While they met with a much more high-profile offensive lineman on Friday, the Seattle Seahawks also signed free agent guard Oday Aboushi, adding competition at a position of great need and inquisition. What sort of player are they getting with Aboushi and how good are his chances of pushing either Mark Glowinski or Germain Ifedi off of the 2016 starting jobs?
Aboushi, 25, was a fifth round pick by the New York Jets in 2013 out of Virginia. At the combine he came in at 6’5, 308 lbs, 33.8” arms, ran a 5.45, did 17 reps on the bench, had an 8’4” broad, and a 23.5” vertical leap. As a draft prospect, Aboushi probably wouldn’t be at the top of the Seahawks list. Of course, they passed on him several times, including taking Jesse Williams and Tharold Simon back-to-back just three picks ahead of Aboushi. But as a free agent, there’s good reason for them to sign Aboushi to a one-year deal.
The first being that he was available and cheap. He also has 18 games of starting experience, all at guard. The bad news is that the Jets released him after only two seasons, after they had signed former Seattle guard James Carpenter to take his job. The Seahawks didn’t want to pay Carpenter, the Jets didn’t want to stick with Aboushi, and now Seattle is taking Aboushi to compete at guard a couple years later. Interesting how that works. At the time, ProFootballFocus spoke highly of his run blocking while they were negative about his pass blocking. Sounds about right for the Seahawks.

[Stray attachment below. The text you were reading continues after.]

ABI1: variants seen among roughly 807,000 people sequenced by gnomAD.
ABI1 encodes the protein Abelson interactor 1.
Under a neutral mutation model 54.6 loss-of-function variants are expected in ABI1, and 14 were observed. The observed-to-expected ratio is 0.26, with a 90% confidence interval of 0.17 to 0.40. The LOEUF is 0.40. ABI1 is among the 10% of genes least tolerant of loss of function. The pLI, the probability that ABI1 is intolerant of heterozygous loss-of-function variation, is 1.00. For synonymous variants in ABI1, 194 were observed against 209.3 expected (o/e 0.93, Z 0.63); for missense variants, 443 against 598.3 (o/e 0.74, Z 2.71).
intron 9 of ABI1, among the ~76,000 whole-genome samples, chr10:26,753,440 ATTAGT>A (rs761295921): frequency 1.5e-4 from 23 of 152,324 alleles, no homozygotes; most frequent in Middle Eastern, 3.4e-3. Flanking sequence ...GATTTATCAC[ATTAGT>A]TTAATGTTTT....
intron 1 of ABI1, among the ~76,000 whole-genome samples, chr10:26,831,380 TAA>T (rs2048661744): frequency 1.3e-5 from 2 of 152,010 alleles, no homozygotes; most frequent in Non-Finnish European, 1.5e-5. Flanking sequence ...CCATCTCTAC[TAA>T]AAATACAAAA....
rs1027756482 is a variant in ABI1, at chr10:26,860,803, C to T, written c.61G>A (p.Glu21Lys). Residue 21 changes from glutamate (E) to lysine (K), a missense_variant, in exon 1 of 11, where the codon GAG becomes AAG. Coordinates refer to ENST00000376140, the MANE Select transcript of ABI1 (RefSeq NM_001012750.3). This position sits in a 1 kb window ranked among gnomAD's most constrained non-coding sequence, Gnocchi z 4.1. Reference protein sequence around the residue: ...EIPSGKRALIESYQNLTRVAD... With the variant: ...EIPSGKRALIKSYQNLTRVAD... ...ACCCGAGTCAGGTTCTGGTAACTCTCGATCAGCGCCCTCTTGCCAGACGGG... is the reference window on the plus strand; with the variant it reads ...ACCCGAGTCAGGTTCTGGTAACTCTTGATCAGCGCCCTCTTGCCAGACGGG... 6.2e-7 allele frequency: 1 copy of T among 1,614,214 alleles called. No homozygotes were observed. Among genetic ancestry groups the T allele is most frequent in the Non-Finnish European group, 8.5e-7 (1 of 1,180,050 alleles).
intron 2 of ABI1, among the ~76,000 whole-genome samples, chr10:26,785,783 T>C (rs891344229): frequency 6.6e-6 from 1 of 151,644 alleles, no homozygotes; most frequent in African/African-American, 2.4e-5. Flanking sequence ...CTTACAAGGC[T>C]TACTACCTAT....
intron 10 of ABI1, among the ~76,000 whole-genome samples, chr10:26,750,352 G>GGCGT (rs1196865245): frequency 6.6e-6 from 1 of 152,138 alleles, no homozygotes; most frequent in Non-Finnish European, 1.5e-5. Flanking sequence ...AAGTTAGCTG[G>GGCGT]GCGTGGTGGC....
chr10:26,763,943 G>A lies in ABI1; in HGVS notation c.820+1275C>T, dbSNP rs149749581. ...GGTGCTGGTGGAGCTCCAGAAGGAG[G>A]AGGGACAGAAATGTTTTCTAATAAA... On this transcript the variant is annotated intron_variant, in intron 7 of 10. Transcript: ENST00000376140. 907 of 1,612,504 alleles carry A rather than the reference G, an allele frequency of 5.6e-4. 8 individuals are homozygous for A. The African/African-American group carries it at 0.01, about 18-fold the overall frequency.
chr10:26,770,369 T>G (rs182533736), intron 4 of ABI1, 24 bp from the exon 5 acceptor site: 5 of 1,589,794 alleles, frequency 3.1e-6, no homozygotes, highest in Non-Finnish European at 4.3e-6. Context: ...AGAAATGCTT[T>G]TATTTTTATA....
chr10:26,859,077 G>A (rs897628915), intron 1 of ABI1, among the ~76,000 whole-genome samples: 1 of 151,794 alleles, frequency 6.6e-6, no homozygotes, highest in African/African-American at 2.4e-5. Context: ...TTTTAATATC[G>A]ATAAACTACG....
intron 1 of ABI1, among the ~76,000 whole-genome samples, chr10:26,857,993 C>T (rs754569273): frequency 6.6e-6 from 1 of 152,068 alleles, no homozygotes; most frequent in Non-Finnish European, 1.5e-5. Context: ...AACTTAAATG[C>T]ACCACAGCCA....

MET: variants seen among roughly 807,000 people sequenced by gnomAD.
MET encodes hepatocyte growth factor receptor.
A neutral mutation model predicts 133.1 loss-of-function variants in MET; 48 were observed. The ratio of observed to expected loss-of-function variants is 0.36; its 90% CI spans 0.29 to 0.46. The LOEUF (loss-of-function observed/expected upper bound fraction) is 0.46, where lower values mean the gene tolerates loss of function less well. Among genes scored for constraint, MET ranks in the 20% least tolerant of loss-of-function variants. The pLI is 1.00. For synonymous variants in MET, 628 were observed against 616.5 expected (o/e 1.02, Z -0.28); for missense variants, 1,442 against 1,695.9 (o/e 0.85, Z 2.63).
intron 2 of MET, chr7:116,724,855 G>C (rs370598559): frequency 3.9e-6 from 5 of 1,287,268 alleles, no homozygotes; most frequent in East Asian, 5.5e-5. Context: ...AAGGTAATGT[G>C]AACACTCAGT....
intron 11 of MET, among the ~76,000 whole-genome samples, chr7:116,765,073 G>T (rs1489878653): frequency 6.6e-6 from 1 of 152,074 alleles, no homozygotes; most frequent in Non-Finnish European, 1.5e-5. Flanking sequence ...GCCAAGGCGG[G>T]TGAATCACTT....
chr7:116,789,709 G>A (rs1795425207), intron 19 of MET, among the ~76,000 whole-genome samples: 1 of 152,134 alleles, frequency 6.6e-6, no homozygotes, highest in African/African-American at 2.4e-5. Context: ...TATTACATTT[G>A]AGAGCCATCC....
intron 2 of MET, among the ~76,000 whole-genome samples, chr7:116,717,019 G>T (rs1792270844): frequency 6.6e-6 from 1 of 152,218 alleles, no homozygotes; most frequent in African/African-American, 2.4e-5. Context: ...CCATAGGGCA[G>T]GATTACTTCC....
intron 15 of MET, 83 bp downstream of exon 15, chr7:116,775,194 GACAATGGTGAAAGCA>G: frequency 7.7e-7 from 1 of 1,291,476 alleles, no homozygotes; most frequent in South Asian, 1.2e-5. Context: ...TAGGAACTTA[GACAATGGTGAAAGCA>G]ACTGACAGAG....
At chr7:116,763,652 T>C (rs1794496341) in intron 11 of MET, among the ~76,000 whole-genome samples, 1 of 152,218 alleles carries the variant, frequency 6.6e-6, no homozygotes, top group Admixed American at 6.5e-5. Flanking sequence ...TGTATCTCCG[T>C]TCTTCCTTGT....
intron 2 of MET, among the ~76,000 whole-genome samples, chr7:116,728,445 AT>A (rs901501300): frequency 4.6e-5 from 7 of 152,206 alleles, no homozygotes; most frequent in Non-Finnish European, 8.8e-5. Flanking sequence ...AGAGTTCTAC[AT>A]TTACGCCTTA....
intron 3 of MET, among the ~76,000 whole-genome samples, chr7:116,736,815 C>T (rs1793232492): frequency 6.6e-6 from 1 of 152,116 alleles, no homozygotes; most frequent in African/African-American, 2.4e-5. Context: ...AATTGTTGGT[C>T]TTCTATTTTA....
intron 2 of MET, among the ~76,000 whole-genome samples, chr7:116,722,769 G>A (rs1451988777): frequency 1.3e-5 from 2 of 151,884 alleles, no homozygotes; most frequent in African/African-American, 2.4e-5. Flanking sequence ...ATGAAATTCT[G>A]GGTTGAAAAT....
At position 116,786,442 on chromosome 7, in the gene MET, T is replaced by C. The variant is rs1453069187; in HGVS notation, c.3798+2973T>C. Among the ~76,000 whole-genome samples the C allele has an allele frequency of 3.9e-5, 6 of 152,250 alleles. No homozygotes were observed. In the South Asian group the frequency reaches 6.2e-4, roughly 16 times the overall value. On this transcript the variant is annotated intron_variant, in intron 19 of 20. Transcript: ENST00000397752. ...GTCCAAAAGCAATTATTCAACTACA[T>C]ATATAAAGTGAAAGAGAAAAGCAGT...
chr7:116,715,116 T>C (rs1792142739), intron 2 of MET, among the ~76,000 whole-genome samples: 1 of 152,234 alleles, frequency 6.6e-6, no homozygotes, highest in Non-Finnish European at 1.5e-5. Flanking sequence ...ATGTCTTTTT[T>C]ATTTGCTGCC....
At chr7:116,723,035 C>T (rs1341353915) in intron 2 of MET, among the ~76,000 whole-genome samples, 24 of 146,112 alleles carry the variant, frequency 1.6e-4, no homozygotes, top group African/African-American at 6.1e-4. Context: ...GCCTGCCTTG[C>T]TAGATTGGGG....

The blog Turn On The Jets did a breakdown of Aboushi’s college film in 2013, noting that he was very bad against speed rushers and that he’d be a long-term project for New York. The project turned out to be too big for them to handle and Aboushi spent the last two seasons with the Houston Texans, appearing in 11 games with eight starts, including three last year.
At the moment, it looks like he will compete with Glowinski, Ifedi, Rees Odhiambo, and perhaps Luke Joeckel at the guard spots. They also have futures contract signee Robert Myers. There will definitely be more offensive linemen added to the mix, whether it’s Clady, later signees, draftees, and undrafted free agents. Aboushi looks to be a longshot to start and perhaps has some road to climb in order to make the final roster, but these things change rapidly under Pete Carroll.